In “The Intruder,” Meagan Good, left, and Michael Ealy play new homeowners who are terrorized by a stalker after they buy an expensive estate in Napa Valley. (Serguei Baschlakov/Screen Gems)


When casting was announced two years ago for the “The Intruder,” the working title was “Motivated Seller.” The thriller stars Michael Ealy and Meagan Good as a young couple who move into their dream home in Napa Valley wine country after chancing upon a seller: the mysteriously eager — and mysteriously clingy — retiree and widower played by Dennis Quaid. But that real estate term of art, which hints, ever so subtly, that there might be something fishy about the former owner’s intensity, was eventually dropped.

The producers probably didn’t want to spoil the movie.

Fat chance, when it’s already gone bad. There is a faintly greenish fuzz of bread mold at the edges of every frame of this stale exercise in psychological horror (subgroup: homeowner hell).

It all starts with the cheesy foreshadowing of dread: “Something tells me Domino’s won’t deliver,” says Ealy’s Scott, upon encountering the remote property, where they meet the gun-toting owner. (He says it’s for deer, and proves it by shooting one right then and there.) Quickly, Scott has shelled out $3.5 million for the estate called Foxglove. (Yes, Foxglove is a poisonous plant, and it grows wild in these woods, which are also frequented by uninvited teenage partyers.) Soon enough, Scott is leaving his wife alone there while he goes off to work in downtown San Francisco.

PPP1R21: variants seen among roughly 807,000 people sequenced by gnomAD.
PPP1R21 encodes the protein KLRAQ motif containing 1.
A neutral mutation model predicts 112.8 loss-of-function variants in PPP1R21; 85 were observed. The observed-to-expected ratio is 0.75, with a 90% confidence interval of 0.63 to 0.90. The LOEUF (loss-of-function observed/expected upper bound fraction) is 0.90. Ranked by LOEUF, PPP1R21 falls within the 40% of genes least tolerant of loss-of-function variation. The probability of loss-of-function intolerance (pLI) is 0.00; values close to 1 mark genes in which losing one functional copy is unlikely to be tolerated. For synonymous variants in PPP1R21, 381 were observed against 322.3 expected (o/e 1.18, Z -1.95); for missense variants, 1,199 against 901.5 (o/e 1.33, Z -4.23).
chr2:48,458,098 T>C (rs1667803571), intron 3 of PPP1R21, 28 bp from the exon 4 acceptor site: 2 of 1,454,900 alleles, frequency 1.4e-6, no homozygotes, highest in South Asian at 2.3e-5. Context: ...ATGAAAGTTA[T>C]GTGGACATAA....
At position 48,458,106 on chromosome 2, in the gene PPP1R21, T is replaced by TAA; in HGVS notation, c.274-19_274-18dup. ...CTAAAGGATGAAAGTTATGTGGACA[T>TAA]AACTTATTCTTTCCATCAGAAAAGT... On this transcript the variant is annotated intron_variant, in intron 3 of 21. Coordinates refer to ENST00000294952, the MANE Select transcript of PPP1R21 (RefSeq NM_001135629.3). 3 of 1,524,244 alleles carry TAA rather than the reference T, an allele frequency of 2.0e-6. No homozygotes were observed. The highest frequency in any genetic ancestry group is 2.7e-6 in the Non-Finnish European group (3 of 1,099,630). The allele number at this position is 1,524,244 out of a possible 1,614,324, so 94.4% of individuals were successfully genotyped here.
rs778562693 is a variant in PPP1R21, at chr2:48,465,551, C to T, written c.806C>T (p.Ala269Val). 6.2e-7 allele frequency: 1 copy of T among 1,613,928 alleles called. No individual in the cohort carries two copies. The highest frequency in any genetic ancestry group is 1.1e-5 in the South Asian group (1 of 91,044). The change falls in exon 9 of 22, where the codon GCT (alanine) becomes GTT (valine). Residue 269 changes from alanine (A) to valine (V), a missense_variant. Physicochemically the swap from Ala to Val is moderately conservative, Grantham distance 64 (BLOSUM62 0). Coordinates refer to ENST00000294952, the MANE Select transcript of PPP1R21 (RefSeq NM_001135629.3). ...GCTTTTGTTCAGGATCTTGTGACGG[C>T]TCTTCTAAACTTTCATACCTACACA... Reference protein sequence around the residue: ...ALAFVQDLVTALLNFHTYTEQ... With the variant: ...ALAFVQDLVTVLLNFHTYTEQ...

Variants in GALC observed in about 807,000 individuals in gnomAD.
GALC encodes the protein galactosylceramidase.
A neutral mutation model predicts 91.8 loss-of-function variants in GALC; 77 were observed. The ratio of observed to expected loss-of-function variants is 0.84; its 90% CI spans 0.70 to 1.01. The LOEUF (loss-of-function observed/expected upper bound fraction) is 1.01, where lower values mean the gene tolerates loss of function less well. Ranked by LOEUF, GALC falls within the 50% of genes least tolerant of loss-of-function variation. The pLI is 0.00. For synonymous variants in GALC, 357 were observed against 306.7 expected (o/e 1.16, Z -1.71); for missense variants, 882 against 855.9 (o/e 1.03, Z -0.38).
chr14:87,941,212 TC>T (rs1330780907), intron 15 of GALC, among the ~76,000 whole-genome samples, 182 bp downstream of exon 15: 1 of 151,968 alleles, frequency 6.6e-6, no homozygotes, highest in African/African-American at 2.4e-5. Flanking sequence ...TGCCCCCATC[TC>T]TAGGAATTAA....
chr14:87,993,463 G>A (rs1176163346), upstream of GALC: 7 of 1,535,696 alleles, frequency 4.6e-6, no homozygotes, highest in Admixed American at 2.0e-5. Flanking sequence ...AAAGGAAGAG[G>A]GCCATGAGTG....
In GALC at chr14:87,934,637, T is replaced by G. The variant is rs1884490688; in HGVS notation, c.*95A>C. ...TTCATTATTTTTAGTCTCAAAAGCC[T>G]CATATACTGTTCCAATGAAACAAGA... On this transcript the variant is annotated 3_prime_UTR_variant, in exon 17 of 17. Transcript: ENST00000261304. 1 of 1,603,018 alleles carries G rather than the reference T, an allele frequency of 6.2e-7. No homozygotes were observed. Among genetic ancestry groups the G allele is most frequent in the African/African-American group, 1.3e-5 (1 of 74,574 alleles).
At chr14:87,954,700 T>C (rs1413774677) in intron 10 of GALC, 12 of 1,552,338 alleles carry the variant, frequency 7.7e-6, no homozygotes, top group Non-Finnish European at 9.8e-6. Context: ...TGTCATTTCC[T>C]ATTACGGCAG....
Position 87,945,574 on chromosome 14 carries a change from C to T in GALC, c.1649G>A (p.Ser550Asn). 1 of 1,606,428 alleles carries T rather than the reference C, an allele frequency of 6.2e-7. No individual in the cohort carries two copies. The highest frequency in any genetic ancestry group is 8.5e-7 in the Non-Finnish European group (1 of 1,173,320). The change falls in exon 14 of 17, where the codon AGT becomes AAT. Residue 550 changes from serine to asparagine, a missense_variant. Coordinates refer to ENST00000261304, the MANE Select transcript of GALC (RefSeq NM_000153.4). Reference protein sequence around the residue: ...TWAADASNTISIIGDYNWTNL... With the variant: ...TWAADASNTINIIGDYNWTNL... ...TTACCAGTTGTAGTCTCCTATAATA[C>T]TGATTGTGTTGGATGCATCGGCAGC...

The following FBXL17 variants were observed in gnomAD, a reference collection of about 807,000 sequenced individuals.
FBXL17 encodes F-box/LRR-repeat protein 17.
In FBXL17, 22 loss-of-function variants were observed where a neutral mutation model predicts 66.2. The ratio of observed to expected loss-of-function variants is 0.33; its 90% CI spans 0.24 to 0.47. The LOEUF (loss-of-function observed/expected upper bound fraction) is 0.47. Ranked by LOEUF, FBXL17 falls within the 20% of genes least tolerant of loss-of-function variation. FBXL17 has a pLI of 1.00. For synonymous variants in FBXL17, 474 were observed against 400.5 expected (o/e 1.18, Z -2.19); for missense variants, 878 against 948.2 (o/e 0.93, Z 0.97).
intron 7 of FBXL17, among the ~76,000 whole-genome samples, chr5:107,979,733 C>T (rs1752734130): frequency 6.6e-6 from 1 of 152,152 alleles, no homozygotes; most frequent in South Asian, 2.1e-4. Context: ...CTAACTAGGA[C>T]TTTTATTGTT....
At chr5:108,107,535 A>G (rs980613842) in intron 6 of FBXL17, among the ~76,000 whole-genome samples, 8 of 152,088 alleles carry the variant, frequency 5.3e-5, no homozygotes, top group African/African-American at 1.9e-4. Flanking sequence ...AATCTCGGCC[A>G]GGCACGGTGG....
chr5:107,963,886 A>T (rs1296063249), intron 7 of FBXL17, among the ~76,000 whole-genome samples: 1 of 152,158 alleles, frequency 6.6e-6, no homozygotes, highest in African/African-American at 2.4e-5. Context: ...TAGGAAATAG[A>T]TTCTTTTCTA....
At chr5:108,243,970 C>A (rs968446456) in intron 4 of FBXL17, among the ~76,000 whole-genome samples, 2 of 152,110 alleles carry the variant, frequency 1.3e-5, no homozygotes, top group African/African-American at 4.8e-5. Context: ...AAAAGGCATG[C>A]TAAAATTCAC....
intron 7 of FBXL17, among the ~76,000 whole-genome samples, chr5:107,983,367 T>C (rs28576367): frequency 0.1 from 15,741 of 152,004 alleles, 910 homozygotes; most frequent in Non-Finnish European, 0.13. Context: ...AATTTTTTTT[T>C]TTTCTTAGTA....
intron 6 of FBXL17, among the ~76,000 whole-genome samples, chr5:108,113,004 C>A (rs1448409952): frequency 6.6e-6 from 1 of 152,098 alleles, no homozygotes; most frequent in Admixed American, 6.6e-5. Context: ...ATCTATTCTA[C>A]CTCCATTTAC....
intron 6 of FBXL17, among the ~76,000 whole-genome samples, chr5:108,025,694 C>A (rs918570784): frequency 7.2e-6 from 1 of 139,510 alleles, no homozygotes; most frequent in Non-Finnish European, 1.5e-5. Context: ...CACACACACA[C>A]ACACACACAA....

Did I say alone?

Dennis Quaid plays a clingy retiree who has just sold his house to a young couple in “The Intruder.” (Serguei Baschlakov/Screen Gems)

There’s someone else inside the house. Did you miss the title? That someone is no rambunctious adolescent, but the identity of the intruder will surprise absolutely no one, not even your pop-culture-illiterate cousin who lives in a shack in the mountains and has never seen a movie. The only thrills, if that’s the right word (and it’s not) are jump scares that, for the most part, don’t work and don’t try very hard. The only mystery is how this movie got made, regardless of what you call it.

Some viewers might find that, like a $3 bottle of wine, there’s a certain so-bad-it’s-good pleasure to how things unfold here: predictably, violently and histrionically, and leaving you with a bad hangover. But who am I to stand in your way? Quaid, who at one point seems to be channeling a wild dog, also appears to be enjoying himself. At the very least, you won’t be the only one in the theater having a good time.

PG-13. At area theaters. Contains violence, terror, some sexuality, strong language and mature thematic elements. 102 minutes.